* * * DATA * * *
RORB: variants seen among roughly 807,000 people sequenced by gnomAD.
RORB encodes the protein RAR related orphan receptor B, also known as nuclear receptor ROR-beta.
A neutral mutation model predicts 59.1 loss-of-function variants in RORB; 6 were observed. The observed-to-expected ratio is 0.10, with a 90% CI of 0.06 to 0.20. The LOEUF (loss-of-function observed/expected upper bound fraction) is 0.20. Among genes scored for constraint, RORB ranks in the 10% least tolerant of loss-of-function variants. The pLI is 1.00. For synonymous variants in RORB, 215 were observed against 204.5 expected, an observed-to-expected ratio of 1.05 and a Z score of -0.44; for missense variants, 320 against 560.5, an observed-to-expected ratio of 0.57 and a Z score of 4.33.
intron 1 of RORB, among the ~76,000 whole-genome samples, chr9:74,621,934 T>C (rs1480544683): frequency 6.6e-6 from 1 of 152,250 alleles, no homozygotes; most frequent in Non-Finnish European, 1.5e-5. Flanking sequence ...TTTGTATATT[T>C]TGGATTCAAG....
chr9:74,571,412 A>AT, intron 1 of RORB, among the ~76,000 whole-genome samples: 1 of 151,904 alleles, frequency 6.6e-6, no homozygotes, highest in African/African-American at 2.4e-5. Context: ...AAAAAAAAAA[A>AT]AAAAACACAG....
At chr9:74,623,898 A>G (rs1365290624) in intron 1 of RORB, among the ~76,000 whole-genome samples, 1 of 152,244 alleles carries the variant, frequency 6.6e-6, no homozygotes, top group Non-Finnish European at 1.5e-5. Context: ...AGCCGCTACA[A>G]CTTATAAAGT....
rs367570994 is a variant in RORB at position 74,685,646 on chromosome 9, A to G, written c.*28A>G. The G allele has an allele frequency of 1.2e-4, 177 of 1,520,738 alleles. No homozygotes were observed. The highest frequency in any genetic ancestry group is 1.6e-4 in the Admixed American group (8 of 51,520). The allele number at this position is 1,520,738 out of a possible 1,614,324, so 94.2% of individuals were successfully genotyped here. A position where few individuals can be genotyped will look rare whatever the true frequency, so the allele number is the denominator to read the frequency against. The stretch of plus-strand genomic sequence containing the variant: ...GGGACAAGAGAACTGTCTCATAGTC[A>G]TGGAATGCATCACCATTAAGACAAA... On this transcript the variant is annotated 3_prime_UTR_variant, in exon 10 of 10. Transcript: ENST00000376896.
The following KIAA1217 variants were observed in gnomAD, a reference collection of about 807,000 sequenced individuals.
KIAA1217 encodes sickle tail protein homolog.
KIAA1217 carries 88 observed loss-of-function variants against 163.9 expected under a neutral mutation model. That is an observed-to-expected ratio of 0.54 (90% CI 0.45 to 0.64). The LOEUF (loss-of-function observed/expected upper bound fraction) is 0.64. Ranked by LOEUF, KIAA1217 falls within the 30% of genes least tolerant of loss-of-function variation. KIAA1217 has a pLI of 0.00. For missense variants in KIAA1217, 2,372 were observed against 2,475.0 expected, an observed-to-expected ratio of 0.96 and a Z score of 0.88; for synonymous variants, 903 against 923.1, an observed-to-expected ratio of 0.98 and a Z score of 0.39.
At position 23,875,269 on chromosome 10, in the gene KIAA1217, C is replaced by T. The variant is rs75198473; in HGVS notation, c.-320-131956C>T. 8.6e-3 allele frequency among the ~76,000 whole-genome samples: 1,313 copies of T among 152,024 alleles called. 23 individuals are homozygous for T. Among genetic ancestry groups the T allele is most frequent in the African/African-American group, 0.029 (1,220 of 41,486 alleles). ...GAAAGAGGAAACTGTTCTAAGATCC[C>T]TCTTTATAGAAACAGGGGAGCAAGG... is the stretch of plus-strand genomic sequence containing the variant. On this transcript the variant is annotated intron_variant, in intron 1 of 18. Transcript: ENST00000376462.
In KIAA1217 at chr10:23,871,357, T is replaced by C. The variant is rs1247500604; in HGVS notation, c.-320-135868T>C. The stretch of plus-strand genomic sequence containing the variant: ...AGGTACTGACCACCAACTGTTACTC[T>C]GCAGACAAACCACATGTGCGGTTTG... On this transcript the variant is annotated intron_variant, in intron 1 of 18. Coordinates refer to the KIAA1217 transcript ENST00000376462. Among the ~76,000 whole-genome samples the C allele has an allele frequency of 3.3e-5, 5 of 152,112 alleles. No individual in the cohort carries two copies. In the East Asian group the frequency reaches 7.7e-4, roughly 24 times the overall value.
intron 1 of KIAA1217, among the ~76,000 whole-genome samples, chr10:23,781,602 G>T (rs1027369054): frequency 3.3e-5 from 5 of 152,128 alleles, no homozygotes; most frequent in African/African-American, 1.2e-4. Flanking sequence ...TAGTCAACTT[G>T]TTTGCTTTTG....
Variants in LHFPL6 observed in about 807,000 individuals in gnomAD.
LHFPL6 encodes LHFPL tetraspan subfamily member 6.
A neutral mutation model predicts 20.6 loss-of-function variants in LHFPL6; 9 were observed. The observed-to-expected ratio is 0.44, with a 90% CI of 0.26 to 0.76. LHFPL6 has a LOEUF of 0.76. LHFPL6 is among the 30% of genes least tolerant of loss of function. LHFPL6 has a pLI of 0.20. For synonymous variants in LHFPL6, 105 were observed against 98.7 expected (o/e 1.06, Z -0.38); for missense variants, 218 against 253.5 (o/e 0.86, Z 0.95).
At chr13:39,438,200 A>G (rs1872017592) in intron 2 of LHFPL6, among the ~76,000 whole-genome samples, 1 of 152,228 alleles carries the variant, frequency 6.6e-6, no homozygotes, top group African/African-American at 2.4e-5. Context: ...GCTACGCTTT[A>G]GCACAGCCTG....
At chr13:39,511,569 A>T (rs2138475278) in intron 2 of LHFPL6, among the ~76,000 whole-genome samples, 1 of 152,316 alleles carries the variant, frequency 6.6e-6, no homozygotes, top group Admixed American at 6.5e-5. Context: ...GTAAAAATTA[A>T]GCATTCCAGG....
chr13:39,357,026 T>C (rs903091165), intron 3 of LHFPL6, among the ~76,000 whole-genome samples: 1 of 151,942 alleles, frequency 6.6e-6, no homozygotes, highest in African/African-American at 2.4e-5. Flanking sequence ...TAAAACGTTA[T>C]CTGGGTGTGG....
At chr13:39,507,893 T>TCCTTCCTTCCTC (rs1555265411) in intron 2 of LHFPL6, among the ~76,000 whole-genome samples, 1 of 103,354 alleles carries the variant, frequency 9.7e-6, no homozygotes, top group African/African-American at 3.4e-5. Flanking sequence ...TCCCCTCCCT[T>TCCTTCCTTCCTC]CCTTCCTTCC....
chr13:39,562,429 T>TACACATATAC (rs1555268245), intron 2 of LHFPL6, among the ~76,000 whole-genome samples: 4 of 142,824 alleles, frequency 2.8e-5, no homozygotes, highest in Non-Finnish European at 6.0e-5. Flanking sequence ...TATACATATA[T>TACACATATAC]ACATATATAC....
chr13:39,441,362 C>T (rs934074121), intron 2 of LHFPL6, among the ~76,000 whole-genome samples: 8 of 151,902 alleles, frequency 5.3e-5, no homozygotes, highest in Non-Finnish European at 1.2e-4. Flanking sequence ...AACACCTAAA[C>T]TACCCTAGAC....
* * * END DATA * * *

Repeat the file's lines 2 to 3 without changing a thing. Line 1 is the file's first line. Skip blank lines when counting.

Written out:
RORB encodes the protein RAR related orphan receptor B, also known as nuclear receptor ROR-beta.
A neutral mutation model predicts 59.1 loss-of-function variants in RORB; 6 were observed. The observed-to-expected ratio is 0.10, with a 90% CI of 0.06 to 0.20. The LOEUF (loss-of-function observed/expected upper bound fraction) is 0.20. Among genes scored for constraint, RORB ranks in the 10% least tolerant of loss-of-function variants. The pLI is 1.00. For synonymous variants in RORB, 215 were observed against 204.5 expected, an observed-to-expected ratio of 1.05 and a Z score of -0.44; for missense variants, 320 against 560.5, an observed-to-expected ratio of 0.57 and a Z score of 4.33.